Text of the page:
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If you love the tone that you can get from an amp then you will enjoy playing the guitar at its fullest. If you get a cheapy amp that can do what you want it to, then you'll probably never want to touch the guitar again.

The first question is tone. Do you want a more classic tone from your guitar amp, or a more modernized digital sound? This is an especially important question if

you plan to do a lot of playing with distortion. However, even if you plan to play with just strict clean settings, you also need to determine what kind of tone you will be able to get from an amp.

In my own personal experience I have found that I can get the exact tone that I want out of any amp. This is because I have a mental amp that guides me when I am tweaking the knobs of any amp. In other words, I have over the  years created the perfect settings for a guitar amp in my mind, and this is true of a lot of guitar players.

A good place to start figuring out the right choice in amp is number of speakers and speaker size. If you want a practice amp then a simple one,  ten inch speaker amp will work, but I highly recommend going with an amp that has two, twelve inch speakers. This is pretty standard and it really doesn't have to cost you that much. My reasoning is that if you are going to spend the money on a practice amp, then you might as well spend a couple hundred more to get a full amp. You'll probably end up doing this somewhere on down the road anyways.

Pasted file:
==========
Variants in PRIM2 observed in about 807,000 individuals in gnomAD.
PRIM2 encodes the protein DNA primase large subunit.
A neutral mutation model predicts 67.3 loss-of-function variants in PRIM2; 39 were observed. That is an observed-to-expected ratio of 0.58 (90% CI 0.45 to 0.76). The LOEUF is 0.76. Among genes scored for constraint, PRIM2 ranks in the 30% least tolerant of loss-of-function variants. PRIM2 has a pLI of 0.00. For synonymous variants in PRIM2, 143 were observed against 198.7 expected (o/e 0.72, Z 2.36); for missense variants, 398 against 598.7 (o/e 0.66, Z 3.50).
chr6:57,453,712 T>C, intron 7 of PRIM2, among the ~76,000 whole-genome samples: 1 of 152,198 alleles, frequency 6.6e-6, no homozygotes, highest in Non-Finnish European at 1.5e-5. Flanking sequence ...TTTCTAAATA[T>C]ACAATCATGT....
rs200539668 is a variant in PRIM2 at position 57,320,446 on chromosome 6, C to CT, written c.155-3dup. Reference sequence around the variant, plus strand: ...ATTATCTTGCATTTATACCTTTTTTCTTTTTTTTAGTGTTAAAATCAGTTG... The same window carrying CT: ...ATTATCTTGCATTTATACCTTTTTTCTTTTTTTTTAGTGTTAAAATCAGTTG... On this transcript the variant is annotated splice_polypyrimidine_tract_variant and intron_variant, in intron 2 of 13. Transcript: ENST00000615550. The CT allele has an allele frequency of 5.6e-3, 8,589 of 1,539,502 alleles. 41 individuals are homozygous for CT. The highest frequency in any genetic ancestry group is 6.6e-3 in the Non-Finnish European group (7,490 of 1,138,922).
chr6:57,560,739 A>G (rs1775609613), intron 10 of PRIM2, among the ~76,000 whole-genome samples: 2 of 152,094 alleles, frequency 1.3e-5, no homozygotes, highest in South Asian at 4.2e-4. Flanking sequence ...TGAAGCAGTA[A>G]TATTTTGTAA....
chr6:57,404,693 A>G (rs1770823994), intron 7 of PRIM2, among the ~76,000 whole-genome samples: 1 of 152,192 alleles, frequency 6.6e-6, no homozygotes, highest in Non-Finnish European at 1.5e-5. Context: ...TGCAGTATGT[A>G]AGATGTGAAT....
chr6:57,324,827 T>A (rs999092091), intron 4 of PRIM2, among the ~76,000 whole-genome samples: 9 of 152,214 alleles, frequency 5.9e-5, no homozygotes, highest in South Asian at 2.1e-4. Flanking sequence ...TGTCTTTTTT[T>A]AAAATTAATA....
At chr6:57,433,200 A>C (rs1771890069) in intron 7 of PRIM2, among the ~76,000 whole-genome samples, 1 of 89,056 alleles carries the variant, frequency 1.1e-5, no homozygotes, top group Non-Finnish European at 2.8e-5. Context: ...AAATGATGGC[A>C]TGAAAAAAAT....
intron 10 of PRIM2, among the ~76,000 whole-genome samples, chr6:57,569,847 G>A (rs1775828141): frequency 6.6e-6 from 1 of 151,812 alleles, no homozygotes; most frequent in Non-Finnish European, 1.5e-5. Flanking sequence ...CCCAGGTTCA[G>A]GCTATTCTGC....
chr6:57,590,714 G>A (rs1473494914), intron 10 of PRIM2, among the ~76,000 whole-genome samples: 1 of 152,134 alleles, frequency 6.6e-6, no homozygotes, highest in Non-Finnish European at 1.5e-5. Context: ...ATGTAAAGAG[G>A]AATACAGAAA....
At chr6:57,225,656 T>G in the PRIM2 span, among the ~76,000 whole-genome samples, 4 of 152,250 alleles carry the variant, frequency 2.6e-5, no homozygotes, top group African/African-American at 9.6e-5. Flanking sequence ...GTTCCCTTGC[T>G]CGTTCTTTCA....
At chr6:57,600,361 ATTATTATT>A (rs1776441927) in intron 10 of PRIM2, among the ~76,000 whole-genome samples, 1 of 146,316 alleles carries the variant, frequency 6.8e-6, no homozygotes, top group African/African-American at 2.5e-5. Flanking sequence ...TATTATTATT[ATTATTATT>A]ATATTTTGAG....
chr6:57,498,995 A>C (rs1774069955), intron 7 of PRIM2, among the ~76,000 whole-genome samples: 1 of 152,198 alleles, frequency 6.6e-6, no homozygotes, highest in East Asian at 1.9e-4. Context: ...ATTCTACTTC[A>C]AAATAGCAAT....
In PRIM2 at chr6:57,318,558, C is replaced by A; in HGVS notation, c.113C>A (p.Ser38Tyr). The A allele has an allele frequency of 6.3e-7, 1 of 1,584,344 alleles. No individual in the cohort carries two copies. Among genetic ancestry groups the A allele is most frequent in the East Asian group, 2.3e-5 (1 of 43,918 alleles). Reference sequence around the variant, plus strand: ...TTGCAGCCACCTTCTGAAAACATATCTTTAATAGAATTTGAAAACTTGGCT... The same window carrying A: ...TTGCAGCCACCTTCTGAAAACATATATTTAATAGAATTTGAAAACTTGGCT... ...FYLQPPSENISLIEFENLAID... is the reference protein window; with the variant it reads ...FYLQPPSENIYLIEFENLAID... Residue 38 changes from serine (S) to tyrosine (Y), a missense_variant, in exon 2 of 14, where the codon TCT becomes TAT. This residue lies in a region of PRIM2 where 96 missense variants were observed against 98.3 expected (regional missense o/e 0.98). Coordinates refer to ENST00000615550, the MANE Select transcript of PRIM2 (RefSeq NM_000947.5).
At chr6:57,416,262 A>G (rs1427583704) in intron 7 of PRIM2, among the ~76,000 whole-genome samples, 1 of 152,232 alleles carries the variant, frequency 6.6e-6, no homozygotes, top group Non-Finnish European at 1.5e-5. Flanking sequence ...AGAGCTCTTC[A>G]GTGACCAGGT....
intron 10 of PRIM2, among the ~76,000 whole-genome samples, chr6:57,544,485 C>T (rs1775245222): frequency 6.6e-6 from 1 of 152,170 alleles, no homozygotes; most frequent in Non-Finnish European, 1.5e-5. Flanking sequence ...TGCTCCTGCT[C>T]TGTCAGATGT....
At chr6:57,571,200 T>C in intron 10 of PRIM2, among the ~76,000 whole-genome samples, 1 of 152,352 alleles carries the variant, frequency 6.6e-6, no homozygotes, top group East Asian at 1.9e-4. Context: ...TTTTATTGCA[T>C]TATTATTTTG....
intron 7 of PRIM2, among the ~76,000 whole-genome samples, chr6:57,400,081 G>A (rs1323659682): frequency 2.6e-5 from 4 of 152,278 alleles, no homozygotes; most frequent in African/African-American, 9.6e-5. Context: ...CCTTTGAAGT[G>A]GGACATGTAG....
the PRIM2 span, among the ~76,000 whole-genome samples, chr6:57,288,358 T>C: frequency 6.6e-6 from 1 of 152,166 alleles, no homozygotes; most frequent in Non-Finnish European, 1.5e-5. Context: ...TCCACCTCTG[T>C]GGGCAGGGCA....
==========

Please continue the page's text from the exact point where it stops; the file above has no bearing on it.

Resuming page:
An excellent starting amp would be the Marshall MG250 which has two, twelve inch speakers, and 50 watts of power. Fifty watts doesn't sound like much, but this little amp can put out a decent amount of sound, while at the same time maintaining a good deal of diversity in the settings, especially with its contour feature.

I have worked with a lot of guitarists who were very strict about tube versus digital amps, and I would agree with them that you can get a  great tone out of a tube amp. However, these guys were using the ever infamous and expensive Mesa Boogie half stack set up. Unless you've got a few thousand to lay down or can find a dealer who carries Mesa Boogies, I don't think you need to go that far.


The truth still stands in the fact that you can get an excellent tone out of a commonly played on and standard guitar amp. The tone is really up to you and there is so much accessorizing that can be done with any amp to get the desire sound.

I said this, because if you are just buying a guitar amp for the very first time, its very important that you don't start off with a bad experience.

Stray away from generic brands, or not so commonly known amps. I don't doubt that there is such a thing as the holy grail of amps, but don't attempt to pursue that kind of amp until you've had a little bit more experience under your belt.

My favorite amps have always been Crates. I still miss the sound that I could get out of them, but they are notorious for giving out right around the two year mark. I have had three now and they all went out the window at the same time.

If you are not too prudish about a more digitally processed sound, then I also highly recommend the amps that Line 6 puts out. They have a good range of models as well as price range, and all of their amps come with excellent effect features that can accommodate clean or distorted playing. Currently, a Line 6 Spider III 75 1x12 amp will run you a mere three hundred dollars, and its a really fun amp to play with.